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Originally posted by MaskedAvatar
Not only composure, kukla, but you will immediately observe my keen and critical eye with respect to time travel.
I record that the same warp is observable now in the space-time continuum, and while Overlord William will no doubt return with a similar technical hitch explanation, the plot has thickened as to how this has been able to occur twice, and also there would need to be some attempt to correlate this with the activities of WITD Mark II for the purposes of investigative dismissal.
Of course, with the publication of the Nature article, its the hypodermic effect all over agian. You have to admit that JT's ghost writer got awfully lucky with that article's timing. It propagated far and wide, in both websites and publications. I would also remind everyone that submitted articles in academic journals can easily take a year to be approved. *hint*
Having now read his postings in some detail he is definitely:
a) A Heinlein fan.
b) A physics groupie, maybe even a real physicist although I doubt it. As in physics classes definitely, physics major possibly, I doubt a Ph.D.
c) NOT a real computer geek. Going back to get an IBM 5100 "because it can read old IBM languages"? To deal with the "Unix year 2038 problem"? And at the same time, uh, "computers have made tremendous strides" and "people now are amazingly tolerant of bad/unreliable hardware". Finally, his info-life isn't even a creatively enhanced version of what we have now -- it IS what we have now. The web. His GPS even works (hey, show me pictures of your GPS that works -- THAT would be interesting, as would a car from the future or ANY future techno toy:-). I on the other hand fully expect there to be MAJOR information processing revolutions -- full paradigm shifts -- between now and the 2030's, and expect quite a lot of the most interesting ones to concern the development of global electronic culture.
And no no no, there is no way anybody could POSSIBLY care enough about "old IBM languages" for which the 5100 is a presumed portable bridge to send somebody back with a very expensive toy at high risk to retrieve one. I mean, what critical program or information could POSSIBLY exist at that time? Programs -- give me something to program -- anything to program -- and I'll cut programs that supercede the entire code base accessible to pre-1975 computers in six months. Programming is goddamn easy, and the world abounds in good programmers and truly superior programming environments NOW. By 2036, if they've done nothing else they will have created five or sixfold improved programming environments, possibly integrated with at least rudimentary AI.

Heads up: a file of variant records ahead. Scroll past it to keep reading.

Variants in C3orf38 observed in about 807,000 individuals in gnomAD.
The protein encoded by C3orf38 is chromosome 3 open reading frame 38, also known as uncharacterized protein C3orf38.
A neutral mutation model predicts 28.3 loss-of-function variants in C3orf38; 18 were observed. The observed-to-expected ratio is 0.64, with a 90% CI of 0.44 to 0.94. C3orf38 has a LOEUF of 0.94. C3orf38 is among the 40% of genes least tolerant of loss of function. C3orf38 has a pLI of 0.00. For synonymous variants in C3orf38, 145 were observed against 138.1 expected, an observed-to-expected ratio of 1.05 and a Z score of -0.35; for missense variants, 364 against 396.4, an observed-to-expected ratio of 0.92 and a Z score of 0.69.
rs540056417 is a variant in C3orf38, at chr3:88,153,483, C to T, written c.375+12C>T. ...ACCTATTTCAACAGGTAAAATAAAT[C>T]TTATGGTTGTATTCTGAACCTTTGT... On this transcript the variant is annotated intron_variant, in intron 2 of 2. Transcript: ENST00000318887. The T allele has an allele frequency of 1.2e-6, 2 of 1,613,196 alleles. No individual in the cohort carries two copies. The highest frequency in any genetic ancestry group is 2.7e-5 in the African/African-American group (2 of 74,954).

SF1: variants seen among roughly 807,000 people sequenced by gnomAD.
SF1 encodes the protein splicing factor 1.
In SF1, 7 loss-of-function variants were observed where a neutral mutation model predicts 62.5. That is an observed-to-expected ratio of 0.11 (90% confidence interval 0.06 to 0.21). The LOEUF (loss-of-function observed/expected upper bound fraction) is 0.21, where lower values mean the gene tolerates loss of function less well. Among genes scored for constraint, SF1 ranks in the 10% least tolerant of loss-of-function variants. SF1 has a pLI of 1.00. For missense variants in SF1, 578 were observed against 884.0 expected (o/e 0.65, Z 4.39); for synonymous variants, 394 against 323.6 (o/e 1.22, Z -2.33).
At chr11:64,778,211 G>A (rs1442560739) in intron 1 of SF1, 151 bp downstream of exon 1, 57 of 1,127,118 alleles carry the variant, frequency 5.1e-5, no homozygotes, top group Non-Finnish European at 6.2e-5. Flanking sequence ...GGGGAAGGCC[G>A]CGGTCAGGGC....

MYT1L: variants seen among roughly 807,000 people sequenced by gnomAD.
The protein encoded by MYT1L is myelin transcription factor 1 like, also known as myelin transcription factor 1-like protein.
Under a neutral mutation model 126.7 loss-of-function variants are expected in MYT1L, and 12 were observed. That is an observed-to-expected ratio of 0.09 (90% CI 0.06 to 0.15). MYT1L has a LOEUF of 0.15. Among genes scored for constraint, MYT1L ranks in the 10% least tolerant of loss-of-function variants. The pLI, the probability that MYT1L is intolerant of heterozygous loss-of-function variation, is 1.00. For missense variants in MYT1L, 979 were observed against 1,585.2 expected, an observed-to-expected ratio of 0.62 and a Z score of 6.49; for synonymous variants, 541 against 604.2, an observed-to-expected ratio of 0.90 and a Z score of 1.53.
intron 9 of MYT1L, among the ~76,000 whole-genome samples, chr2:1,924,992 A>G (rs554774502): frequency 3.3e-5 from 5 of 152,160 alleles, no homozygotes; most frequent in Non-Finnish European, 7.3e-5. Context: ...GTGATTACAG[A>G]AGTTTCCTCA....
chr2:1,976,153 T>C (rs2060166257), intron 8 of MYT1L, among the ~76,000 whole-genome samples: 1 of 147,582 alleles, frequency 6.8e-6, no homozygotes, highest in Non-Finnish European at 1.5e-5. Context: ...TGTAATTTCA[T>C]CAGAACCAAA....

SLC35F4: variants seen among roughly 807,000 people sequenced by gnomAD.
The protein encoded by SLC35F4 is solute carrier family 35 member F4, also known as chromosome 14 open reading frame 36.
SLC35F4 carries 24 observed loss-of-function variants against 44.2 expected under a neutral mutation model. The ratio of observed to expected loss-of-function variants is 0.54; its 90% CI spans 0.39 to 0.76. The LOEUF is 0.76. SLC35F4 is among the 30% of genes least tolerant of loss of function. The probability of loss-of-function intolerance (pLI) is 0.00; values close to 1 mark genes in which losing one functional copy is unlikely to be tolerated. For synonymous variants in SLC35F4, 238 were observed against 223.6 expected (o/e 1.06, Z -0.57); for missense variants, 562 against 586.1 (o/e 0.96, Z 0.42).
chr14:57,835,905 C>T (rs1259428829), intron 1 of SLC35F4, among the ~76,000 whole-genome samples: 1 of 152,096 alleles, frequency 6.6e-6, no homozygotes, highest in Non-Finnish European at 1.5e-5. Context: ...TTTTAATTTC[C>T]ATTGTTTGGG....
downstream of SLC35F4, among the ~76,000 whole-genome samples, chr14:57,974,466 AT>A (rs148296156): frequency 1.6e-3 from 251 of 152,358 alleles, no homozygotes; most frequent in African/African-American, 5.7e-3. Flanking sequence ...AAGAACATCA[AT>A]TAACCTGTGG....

Lessee, following Moore's Law and being VERY CONSERVATIVE with full TWO YEAR doubling time, we expect 16 doublings in constant-cost power between now and then. That is, an el cheapo personal computer of 2036 ought to be roughly 64000 times more powerful than an el cheapo PC today, just as today's are amazingly some twenty or thirty thousand times more powerful than that good old IBM 5100. With a laptop running at the power equivalency of a few hundred TERAHertz, with local disk storage capable of holding a few petabytes of data (that would be 10^15 bytes), with network capacity to the household reasonably expected to be easily into the gigabyte per second range if not the terabyte per second range, the guy describes "the web" of that time as if it is more or less the same as it is now. No automated realtime videoconferencing. No voice activated, high bandwidth wireless connected PDA's with far more compute, storage, and network capacity than a system currently sitting directly on the T3 cloud. No mention of megalibraries, collation of world-data, AI at all. Bo-ring. Wrong. This guy may be from the future, but not MY future. In my future, war or not, nobody will give a rodent's furry behind about antique IBM code "readable only by an IBM 5100".
What, people suddenly became very, very stupid and couldn't write a decompiler or disassembler for a system that had a literal handful of machine instructions (mind you, I >>learned